You’ve probably heard that if you fail to plan that you plan to fail. Another more positive saying is “Plan your work and work your plan.” Either way you say it, you will be amazed how little you accomplish when you don’t plan and how much you accomplish when you stick to a carefully planned week. The other great thing about planning is the balance it brings to your life, so that you are not panicked running around to take care of your ministry!

5. Stay at Your Computer all Week

It’s so easy to get completely tied up with administrative details that you stay on your computer all week long. What that means is that you are not spending time face to face with leaders, parents, or students. I’m ashamed to say I have spent weeks like that. I felt like I was getting a ton of stuff done but as I look back, none of it was nearly as important as spending time with people. A lot of it wouldn’t matter at all if I hadn’t done it.

It’s easy to invest 20 hours to video editing or going way overboard on a message. Most volunteer youth workers never get anywhere near that amount of time to begin with but when it comes down to it, you may not need to be putting in that much time.

What Else?

I am sure there must be many other ways to spend a lot of hours working and have very little to show for it. I’ve spent too many weeks like that in the past. Hopefully some of the hints here will help you to be more effective and productive this week.

All the best,

Ron

 

Share this:
Ron Powell

ronpowell

Ron Powell is the Director of the Youth Ministry Institute at Vanguard College. He has been involved in youth ministry for 30 years. He continues to volunteer, write, teach, and speak to parents, leaders and teens. If you would like to contact him you can email ron.powell@vanguardcollege.com

2 Comments

  1. 2. Don’t Set Specific Goals
    This would be the one I don’t do at all.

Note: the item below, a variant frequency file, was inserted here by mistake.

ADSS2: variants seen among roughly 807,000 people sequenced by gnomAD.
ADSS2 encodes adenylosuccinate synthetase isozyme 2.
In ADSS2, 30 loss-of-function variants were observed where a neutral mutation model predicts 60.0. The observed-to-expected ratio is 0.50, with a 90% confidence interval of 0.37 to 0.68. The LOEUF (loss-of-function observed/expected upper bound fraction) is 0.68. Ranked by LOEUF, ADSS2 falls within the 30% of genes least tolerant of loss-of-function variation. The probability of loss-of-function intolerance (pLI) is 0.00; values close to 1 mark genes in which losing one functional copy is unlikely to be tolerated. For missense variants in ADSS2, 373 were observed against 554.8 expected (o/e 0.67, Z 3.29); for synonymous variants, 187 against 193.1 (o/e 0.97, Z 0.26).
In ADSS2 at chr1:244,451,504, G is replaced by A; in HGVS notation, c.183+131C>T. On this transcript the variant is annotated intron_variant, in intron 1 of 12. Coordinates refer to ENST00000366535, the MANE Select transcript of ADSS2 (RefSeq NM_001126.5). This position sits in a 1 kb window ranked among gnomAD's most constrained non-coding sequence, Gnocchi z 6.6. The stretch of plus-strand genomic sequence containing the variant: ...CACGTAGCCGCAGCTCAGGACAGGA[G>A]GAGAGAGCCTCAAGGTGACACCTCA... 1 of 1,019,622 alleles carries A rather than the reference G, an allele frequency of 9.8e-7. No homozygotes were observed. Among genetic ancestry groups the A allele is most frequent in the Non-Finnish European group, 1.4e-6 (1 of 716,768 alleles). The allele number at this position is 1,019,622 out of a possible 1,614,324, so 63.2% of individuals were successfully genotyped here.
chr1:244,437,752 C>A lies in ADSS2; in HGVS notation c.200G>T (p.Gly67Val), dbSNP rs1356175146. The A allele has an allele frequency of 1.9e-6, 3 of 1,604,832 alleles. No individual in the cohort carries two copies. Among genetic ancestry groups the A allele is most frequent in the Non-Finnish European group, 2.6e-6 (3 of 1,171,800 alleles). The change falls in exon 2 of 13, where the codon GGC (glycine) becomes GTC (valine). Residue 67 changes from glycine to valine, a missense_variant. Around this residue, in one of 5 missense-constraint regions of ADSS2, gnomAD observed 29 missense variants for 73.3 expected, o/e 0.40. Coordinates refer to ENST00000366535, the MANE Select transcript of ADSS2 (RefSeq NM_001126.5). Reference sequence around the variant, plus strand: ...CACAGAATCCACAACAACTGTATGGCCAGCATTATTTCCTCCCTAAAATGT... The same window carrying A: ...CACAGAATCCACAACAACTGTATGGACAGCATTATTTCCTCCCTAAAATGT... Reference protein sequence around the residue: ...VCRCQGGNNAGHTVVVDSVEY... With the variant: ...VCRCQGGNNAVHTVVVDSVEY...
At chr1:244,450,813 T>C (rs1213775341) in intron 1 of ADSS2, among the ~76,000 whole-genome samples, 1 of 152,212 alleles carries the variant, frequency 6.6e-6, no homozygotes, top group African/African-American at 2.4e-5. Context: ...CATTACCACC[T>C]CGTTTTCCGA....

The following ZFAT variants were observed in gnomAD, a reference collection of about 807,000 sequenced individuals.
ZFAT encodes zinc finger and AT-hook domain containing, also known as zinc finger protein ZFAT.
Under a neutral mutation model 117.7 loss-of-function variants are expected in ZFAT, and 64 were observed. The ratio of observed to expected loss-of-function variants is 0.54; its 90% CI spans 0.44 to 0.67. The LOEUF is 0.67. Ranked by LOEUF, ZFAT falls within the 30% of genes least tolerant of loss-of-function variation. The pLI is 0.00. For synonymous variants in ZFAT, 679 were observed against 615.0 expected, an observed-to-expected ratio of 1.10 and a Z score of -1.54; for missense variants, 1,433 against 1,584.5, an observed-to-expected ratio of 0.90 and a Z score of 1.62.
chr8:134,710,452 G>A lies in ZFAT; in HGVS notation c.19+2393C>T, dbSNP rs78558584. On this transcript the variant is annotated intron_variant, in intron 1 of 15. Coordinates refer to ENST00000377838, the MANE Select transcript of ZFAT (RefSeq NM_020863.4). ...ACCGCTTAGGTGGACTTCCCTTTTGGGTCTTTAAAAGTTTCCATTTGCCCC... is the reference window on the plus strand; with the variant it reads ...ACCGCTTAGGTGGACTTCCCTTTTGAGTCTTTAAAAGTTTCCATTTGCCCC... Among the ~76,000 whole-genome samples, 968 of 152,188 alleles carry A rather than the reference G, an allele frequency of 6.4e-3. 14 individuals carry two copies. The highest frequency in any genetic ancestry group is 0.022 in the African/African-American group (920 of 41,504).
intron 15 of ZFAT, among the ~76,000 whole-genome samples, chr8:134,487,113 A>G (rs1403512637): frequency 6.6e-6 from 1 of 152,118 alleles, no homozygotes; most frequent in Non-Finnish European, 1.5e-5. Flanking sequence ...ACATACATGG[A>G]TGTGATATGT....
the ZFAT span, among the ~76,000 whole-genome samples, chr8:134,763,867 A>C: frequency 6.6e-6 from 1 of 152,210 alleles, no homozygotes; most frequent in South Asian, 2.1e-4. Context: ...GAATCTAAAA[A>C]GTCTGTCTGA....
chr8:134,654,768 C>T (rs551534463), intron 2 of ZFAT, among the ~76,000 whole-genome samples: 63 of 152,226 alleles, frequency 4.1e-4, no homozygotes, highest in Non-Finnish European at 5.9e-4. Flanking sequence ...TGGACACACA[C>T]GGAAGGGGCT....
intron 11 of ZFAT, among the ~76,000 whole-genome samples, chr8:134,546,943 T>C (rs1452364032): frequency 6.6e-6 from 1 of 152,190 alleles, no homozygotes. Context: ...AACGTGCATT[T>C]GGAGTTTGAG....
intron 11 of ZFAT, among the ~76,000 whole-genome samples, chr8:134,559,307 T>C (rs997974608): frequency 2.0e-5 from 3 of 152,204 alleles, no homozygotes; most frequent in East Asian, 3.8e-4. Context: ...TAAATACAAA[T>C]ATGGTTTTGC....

Could you give some specific goals you would have every week.
    Thanks.

  2. Hey Tony,
    some specifics could be
    a. call and encourage 5 students and 5 leaders
    b. visit a high school and offer support to the principal
    c. write a newsletter for the parents
    d. make a list of student who used to attend and arrange leaders to meet with them
    e. do a home visit with one family
    f. read a youth ministry unleashed blog 🙂
    g. pray for each student by name
    h. contact three parents to join the youth ministry prayer group
    i. find a learning game that helps students connect with my talk on Friday
    j. contact each leader to get feedback on how their students are doing

    I guess the list would go on and on. I try to encourage my youth students at my college to have:
    a. relational goals
    b. recreational goals
    c. financial goals
    e. ministry goals
    f. educational goals

    each of these should find some expression in the weekly goals. The best way to do this is figure out yearly goals and break them down into monthly, and weekly segments. I don’t always get the balance right, but it gives me something to shoot for each week.
    all the best,
    Ron

Leave a comment

Please be polite. We appreciate that. Your email address will not be published and required fields are marked